|Team: Pelicans College Team:
H: 6' 1"|
W: 173 lbs
(29 Years Old)
|Agent: Andy Miller ||
High School: St. John Jesuit
Hometown: Toledo, OH
|Year||Source||Height w/o Shoes||Height w/shoes||Weight||Wingspan||Standing Reach||Body Fat||No Step Vert||Max Vert|
|2008||NBA Pre-Draft Camp||6' 0.25"||6' 1.25"||173||6' 1.25"||7' 11"||3.6||31.5||36.5|
|2008||Portsmouth||6' 1"||6' 2.5"||174||6' 1.5"||NA||NA||NA||NA|
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Orlando Recap: First Team All-NBA Pre-Draft |
June 2, 2008
Knowing how to take advantage of opportunities that are presented to you is what professional basketball is all about, and Brian Roberts did exactly that this week in Orlando. With his teammate Ty Lawson deciding to shut it down after just one game, Roberts stepped up to the plate and delivered in a big way, showing more versatility as a player than he may have been able to at Dayton.
Roberts is a slender point guard whose main calling card has always been his perimeter shot. He has beautiful mechanics and range that extends well beyond the 3-point line, allowing him to shoot a stellar 45.5% from that range in college on six and a half attempts per game. He looked excellent in the drills and hit a high percentage of the shots he took in the actual games, particularly with his picture perfect pull-up jumper from mid-range.
He was able to show off ball-skills in Orlando too, though, displaying a good feel for the game and a knack for pushing the ball up the floor and playing at different speeds. He is excellent on the pick and roll and makes good decisions with the ball in his hands, even if he clearly isnít what you would call a pure point guard. He executes well offensively and is clearly not a selfish player, but doesnít have incredible vision or playmaking instincts. He played very aggressive basketball, though, not hesitating in anything he did and showing a great deal of confidence in his offensive abilities, which helped make a lot of good things happen for his team. At times he lacked the strength or explosiveness to get all the way to the rim or finish strong in traffic, but he seemed to know his limitations and did not turn the ball over at all, posting a solid 15/5 assist to turnover ratio in the three games.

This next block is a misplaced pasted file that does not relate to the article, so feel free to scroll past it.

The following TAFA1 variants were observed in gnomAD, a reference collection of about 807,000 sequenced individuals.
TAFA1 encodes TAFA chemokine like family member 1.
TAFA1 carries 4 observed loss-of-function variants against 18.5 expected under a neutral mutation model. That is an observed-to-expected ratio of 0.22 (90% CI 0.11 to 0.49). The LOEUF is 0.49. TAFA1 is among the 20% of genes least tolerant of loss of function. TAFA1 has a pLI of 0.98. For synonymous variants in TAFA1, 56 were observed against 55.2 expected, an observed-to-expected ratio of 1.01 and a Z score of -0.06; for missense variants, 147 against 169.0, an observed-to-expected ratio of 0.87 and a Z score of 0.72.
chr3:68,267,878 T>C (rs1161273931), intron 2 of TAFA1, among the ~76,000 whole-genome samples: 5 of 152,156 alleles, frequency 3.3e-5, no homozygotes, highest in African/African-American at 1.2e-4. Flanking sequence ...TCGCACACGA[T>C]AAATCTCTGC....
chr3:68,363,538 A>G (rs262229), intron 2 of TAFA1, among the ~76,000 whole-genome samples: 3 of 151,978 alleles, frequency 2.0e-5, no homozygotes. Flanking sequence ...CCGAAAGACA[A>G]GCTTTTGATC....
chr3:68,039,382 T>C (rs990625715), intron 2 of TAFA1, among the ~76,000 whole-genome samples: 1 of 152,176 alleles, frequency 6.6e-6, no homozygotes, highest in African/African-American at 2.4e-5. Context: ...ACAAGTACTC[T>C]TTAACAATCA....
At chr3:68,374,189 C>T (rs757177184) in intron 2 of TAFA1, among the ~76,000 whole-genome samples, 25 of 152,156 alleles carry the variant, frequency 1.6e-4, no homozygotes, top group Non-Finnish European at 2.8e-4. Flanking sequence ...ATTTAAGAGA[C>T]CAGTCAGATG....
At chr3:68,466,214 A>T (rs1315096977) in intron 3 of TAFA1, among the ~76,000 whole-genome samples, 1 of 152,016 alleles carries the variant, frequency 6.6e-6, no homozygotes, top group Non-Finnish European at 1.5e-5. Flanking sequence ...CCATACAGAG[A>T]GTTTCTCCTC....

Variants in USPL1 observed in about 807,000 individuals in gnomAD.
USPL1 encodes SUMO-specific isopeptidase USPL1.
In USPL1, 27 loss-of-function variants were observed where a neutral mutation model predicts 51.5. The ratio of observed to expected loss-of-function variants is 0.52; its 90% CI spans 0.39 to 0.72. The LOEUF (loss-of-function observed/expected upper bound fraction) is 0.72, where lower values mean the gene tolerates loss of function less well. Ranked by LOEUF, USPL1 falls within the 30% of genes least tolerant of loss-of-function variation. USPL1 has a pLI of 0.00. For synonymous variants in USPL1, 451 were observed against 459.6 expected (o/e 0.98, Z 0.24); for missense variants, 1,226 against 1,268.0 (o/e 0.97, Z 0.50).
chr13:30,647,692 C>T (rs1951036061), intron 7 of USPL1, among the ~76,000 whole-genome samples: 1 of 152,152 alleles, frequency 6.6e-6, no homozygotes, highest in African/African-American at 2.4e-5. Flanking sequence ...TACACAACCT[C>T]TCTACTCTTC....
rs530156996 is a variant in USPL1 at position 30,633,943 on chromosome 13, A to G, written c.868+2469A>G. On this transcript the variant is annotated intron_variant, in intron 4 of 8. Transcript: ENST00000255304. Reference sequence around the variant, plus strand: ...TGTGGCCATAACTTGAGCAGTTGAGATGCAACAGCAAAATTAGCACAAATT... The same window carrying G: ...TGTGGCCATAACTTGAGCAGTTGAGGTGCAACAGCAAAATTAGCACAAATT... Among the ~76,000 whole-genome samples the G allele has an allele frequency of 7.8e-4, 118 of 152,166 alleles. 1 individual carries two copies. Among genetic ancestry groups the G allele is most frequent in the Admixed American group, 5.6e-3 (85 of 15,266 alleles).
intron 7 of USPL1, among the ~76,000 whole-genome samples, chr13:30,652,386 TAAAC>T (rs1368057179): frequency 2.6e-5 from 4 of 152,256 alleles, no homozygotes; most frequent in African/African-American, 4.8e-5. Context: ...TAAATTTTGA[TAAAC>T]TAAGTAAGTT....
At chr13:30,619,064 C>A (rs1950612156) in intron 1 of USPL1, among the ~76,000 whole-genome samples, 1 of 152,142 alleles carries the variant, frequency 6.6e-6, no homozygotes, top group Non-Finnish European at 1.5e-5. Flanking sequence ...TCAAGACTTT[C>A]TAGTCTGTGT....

Watching his film from college, itís hard not to be shocked at how heavily his team relied on him to handle the ball and create offense for them virtually all game long. Roberts seemed to enjoy the freedom he had here, which partially explains why he was so effective.
Defensively, Roberts is just average at best, as he often lacks the strength to fight through screens defending the pick and roll. This clearly wasnít something he was asked to do a great deal of in college, but it will be very important for him at the next level.
Roberts is drawing a lot of Daniel Gibson comparisons these days, as both are slender, smooth 6-2 combo guards with great intangibles and phenomenal perimeter shooting skills. Roberts is a better ball-handler than Gibson, but is not quite as good a defender, though. Like Gibson, he will have to find the absolute ideal situation (likely playing next to a big point guard) to make and stick in the NBA. If he doesnít find that, he will have a great career in Europe, where he can play a Louis Bullock-type role at a very high level as he continues to develop.
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NBA Pre-Draft Camp, Day Four
May 31, 2008
Brian Roberts might have had the best single game of anyone in day three, scoring 13 points to go along with 13 assists and no turnovers. He pushed the ball extremely well in transition, found open teammates spotting up and cutting the basket all game long, and shot the ball beautifully from mid-range and behind the arc. Heís emerged at this camp as a player that teams need to seriously consider on their draft boards.